Guidelines for Medical Trainee Research with Humans
Medical trainees who plan to conduct research with humans must comply with a number of requirements in advance of study initiation, including application for IRB approval. The Research Integrity Quickstart guide provides a concise and helpful starting point and overview of requirements, including time commitment expectations, training requirements, the IRBNet protocol submission system, the IRB review process, and basic responsibilities of the principal investigator and researchers following IRB approval.
Medical trainees who plan to conduct research with humans must identify and work with a faculty advisor throughout the process, from design, to IRB review, and throughout conduct of the project. The faculty advisor serves to provide guidance about study design, logistics, assurance of compliance, and as study principal investigator with overall responsibility for the project. Medical trainees serve as co-investigators on projects while also taking a significant role in study execution.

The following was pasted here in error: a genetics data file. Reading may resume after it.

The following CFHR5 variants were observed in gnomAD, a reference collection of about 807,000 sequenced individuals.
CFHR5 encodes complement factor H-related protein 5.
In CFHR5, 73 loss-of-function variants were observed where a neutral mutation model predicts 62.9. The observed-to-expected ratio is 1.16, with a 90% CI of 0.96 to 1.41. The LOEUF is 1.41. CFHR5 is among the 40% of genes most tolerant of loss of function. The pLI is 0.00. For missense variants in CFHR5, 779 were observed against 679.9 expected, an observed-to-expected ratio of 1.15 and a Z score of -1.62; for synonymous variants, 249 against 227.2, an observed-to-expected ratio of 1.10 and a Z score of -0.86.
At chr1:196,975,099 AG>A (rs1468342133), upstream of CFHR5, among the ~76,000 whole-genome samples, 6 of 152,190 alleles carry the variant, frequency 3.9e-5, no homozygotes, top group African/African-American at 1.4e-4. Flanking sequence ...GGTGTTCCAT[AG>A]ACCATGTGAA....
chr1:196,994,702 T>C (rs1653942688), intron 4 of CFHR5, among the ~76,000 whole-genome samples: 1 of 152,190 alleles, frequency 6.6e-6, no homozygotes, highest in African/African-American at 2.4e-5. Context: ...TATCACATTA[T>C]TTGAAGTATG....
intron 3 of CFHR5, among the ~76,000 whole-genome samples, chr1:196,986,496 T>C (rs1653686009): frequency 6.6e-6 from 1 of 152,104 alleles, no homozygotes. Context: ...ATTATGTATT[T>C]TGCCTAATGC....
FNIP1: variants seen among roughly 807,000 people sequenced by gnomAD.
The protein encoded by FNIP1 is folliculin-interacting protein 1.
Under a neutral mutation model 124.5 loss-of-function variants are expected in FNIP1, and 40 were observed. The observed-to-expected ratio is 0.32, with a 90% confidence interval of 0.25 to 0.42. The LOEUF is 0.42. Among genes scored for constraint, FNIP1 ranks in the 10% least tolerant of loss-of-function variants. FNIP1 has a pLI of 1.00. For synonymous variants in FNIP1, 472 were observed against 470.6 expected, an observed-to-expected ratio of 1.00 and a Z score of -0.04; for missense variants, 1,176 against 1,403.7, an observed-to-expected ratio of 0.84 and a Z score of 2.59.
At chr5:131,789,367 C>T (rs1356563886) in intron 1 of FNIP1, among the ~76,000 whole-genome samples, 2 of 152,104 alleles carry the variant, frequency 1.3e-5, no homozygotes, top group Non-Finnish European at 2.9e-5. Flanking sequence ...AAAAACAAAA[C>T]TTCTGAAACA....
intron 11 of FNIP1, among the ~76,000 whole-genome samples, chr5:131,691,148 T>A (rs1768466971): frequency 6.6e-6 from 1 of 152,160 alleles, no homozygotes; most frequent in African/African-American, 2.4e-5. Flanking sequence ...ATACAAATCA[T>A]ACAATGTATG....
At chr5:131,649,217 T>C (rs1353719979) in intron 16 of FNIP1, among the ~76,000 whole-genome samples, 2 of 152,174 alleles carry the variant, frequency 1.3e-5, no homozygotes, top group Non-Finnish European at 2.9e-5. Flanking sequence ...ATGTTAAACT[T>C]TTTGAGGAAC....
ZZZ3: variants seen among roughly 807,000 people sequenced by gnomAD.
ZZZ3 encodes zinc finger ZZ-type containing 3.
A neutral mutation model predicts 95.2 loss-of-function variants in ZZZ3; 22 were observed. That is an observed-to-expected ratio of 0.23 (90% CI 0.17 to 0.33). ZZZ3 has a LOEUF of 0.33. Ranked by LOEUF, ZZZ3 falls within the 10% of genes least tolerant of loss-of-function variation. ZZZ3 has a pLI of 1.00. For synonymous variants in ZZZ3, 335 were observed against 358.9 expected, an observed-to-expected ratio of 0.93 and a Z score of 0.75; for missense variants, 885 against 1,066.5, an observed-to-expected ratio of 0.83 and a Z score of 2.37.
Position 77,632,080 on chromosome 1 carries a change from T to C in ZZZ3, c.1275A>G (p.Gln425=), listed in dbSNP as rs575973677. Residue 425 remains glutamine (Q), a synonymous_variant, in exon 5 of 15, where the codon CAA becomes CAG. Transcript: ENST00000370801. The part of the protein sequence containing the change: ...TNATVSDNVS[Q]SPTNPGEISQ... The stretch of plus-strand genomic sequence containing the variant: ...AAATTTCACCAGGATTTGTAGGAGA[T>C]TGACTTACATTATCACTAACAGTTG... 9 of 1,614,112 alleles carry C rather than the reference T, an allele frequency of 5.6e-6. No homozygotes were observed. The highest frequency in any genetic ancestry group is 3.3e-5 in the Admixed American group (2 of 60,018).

Medical trainees who plan to present at local (Medical Student Research Day) and national conferences must have IRB in place to qualify for acceptance of abstracts, posters, and presentations.
Always consult with the Office of Medical Research about the need for IRB oversight.
The IRB uses the Belmont Report, written in 1979, as the foundation for review of research with humans, to ensure they receive appropriate protection in research.
The primary concern of the researchers should be the safety of and respect for the research participant, which includes observation of the following principles outlined in the Belmont Report.
- Respect for persons refers to the obligation on the part of the investigator to respect each participant as a person capable of making an informed decision regarding participation in the research study.
- Beneficence refers to the obligation on the part of the investigator to attempt to maximize benefits for the individual participant and/or society, while minimizing risk of harm to the individual.
- Justice refers to equitable selection of participants, i.e., avoiding vulnerable participant populations that may be unfairly coerced into participating, such as prisoners and institutionalized children, unless those populations are the focus and recipient of potential benefits of the research.